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Brief Report   |    
Voxelwise Correlational Analyses of White Matter Integrity in Multiple Cognitive Domains in Schizophrenia
Kelvin O. Lim, M.D.; Babak A. Ardekani, Ph.D.; Jay Nierenberg, M.D., Ph.D.; Pamela D. Butler, Ph.D.; Daniel C. Javitt, M.D., Ph.D.; Matthew J. Hoptman, Ph.D.
Am J Psychiatry 2006;163:2008-2010. doi:10.1176/appi.ajp.163.11.2008

Abstract

Patients with schizophrenia show deficits in several neurocognitive domains. However, the relationship between white matter integrity and performance in these domains is poorly understood. The authors conducted neurocognitive testing and diffusion tensor imaging in 25 patients with schizophrenia. Performance was examined for tests of verbal declarative memory, attention, and executive function. Relationships between fractional anisotropy and cognitive performance were examined by using voxelwise correlational analyses. In each case, better performance on these tasks was associated with higher levels of fractional anisotropy in task-relevant regions.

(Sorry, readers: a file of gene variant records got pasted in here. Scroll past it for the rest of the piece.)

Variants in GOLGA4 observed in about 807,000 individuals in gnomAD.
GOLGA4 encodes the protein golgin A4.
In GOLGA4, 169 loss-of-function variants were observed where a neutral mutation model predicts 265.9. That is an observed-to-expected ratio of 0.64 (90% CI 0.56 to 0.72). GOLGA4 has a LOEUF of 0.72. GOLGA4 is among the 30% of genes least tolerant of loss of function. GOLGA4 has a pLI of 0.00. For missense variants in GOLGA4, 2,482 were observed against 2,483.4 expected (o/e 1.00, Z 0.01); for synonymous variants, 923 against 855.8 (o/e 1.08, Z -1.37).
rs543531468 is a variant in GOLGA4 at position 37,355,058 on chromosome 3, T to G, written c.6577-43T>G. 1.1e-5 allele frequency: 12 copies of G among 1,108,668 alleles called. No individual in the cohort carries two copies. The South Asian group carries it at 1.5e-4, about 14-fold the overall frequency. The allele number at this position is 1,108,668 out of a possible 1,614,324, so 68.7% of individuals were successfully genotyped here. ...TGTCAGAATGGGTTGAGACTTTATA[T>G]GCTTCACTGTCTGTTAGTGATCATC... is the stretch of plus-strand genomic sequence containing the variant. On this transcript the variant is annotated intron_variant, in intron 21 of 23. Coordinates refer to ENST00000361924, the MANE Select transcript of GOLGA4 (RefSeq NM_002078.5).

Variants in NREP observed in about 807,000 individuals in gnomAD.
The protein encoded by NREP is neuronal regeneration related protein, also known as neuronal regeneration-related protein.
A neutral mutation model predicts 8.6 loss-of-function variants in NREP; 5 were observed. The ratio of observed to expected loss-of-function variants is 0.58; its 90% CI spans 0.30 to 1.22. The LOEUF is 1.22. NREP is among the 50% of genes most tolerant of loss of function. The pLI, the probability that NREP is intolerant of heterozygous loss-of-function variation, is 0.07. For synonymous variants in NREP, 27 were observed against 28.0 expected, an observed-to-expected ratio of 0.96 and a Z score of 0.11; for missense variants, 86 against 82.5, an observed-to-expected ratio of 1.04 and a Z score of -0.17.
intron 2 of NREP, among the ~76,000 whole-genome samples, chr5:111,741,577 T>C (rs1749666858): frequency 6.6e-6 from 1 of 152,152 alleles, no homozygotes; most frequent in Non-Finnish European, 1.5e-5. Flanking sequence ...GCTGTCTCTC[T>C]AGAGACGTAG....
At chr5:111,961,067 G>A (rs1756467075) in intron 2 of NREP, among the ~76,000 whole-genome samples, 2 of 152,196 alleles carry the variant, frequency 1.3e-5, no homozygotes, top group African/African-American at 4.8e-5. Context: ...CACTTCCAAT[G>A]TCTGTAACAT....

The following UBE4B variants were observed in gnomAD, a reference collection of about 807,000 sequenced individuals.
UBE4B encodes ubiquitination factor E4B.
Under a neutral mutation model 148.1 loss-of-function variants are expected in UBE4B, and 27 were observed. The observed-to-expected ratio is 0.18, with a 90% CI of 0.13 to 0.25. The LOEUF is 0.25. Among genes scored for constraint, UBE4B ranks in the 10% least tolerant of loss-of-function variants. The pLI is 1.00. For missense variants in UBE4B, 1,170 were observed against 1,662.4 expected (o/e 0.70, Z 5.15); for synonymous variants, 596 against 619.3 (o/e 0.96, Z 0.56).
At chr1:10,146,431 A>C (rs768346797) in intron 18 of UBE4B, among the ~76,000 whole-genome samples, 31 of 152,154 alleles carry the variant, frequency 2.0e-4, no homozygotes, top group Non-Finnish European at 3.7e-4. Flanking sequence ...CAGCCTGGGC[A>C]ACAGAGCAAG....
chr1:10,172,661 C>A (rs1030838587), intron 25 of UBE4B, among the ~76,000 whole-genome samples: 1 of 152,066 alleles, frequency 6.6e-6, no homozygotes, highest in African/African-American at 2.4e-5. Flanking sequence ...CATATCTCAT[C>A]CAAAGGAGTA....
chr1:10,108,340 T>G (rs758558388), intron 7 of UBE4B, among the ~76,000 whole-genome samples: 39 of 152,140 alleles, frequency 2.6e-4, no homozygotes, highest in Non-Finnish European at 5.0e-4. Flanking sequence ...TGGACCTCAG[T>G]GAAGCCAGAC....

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Patients with schizophrenia have impairments in cognitive functions that require operation of neural networks. However, we are aware of only one study that examined correlations between cognitive function and white matter integrity in schizophrenia (1). This study found positive correlations between verbal memory and white matter integrity in the left uncinate fasciculus and between executive function and the left cingulate bundle area. It is clear that the neural networks underlying performance in different cognitive domains are not fully understood.